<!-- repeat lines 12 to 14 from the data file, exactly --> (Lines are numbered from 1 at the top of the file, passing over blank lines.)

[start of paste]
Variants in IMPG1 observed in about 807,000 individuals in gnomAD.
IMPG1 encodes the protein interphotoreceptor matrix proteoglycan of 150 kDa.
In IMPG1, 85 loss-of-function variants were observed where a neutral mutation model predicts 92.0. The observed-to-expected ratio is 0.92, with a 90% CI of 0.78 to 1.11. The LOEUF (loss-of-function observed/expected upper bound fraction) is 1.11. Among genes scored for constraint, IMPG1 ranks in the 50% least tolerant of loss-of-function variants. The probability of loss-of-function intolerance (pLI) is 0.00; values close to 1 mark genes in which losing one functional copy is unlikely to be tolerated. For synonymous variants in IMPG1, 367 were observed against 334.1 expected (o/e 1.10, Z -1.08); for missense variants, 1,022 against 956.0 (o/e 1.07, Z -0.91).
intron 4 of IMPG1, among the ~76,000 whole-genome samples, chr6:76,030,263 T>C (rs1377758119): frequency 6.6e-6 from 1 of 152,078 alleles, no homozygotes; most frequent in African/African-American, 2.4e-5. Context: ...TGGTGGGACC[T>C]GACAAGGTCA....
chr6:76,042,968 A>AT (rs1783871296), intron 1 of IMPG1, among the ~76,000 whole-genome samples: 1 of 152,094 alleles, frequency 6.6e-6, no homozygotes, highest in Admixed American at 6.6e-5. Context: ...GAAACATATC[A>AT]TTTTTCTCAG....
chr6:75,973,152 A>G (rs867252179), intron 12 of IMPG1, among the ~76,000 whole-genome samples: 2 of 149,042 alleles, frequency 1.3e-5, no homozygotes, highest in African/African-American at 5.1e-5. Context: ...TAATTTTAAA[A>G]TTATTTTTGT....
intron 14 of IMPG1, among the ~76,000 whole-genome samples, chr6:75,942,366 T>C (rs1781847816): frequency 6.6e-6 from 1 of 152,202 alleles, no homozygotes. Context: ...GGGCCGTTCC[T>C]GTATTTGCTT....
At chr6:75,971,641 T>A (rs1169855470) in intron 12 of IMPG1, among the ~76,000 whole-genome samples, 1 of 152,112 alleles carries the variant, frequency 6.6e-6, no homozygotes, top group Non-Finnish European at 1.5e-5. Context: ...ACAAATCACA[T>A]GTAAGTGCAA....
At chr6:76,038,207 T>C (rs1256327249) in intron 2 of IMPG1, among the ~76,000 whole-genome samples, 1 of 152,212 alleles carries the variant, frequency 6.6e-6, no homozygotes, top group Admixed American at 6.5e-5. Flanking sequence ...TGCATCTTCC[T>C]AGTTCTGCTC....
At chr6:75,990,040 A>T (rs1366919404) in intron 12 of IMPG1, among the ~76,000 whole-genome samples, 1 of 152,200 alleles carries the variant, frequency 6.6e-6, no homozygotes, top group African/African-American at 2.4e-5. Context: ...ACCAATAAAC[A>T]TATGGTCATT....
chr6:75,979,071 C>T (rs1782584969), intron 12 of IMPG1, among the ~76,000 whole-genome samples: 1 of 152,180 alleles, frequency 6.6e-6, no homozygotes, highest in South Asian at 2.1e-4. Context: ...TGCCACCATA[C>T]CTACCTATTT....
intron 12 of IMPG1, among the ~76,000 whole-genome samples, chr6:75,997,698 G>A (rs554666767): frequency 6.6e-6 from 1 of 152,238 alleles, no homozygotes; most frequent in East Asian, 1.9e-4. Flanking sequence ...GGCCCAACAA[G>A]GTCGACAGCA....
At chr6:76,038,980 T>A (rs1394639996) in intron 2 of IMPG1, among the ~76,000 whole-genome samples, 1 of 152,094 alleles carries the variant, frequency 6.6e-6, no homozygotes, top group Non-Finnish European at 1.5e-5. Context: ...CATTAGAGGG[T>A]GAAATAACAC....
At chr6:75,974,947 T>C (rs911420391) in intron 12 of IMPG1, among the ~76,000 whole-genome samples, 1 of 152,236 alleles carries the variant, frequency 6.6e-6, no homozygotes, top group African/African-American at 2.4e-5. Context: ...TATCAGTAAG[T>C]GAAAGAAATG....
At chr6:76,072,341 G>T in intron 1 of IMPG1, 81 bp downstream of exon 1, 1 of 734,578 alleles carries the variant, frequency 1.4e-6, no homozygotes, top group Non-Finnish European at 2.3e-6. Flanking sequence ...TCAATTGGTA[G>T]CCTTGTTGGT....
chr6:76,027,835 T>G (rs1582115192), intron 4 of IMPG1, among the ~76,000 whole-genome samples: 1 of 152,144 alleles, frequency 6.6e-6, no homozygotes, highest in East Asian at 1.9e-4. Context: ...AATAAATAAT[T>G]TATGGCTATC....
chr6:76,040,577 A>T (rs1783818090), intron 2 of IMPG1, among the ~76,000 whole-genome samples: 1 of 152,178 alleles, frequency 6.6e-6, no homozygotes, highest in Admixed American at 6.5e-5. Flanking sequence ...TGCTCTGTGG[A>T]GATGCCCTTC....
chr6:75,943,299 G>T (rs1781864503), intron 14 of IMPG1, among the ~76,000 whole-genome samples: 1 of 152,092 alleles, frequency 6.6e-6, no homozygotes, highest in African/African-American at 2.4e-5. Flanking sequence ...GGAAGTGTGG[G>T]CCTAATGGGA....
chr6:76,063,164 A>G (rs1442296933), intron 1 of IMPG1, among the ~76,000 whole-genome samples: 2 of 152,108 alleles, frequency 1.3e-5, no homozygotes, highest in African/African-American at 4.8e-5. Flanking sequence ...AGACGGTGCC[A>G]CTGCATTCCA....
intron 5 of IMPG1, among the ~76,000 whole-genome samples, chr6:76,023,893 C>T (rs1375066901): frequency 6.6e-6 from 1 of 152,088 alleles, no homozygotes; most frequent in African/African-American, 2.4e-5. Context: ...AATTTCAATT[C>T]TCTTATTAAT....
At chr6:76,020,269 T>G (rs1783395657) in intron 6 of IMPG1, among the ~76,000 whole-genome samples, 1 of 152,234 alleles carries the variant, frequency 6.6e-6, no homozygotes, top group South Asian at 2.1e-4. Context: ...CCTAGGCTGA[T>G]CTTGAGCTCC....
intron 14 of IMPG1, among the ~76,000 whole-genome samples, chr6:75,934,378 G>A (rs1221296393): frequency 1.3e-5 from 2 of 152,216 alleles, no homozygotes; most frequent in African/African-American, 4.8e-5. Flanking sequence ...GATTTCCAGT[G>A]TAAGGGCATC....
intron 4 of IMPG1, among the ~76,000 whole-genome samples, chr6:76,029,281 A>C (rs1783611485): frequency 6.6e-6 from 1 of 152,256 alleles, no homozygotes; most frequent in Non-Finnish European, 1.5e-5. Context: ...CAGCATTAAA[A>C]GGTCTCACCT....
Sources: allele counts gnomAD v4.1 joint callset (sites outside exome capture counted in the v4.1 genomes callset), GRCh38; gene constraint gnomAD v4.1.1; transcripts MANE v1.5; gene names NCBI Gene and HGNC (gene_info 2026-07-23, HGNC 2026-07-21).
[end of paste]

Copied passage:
intron 12 of IMPG1, among the ~76,000 whole-genome samples, chr6:75,997,698 G>A (rs554666767): frequency 6.6e-6 from 1 of 152,238 alleles, no homozygotes; most frequent in East Asian, 1.9e-4. Flanking sequence ...GGCCCAACAA[G>A]GTCGACAGCA....
At chr6:76,038,980 T>A (rs1394639996) in intron 2 of IMPG1, among the ~76,000 whole-genome samples, 1 of 152,094 alleles carries the variant, frequency 6.6e-6, no homozygotes, top group Non-Finnish European at 1.5e-5. Context: ...CATTAGAGGG[T>A]GAAATAACAC....
At chr6:75,974,947 T>C (rs911420391) in intron 12 of IMPG1, among the ~76,000 whole-genome samples, 1 of 152,236 alleles carries the variant, frequency 6.6e-6, no homozygotes, top group African/African-American at 2.4e-5. Context: ...TATCAGTAAG[T>C]GAAAGAAATG....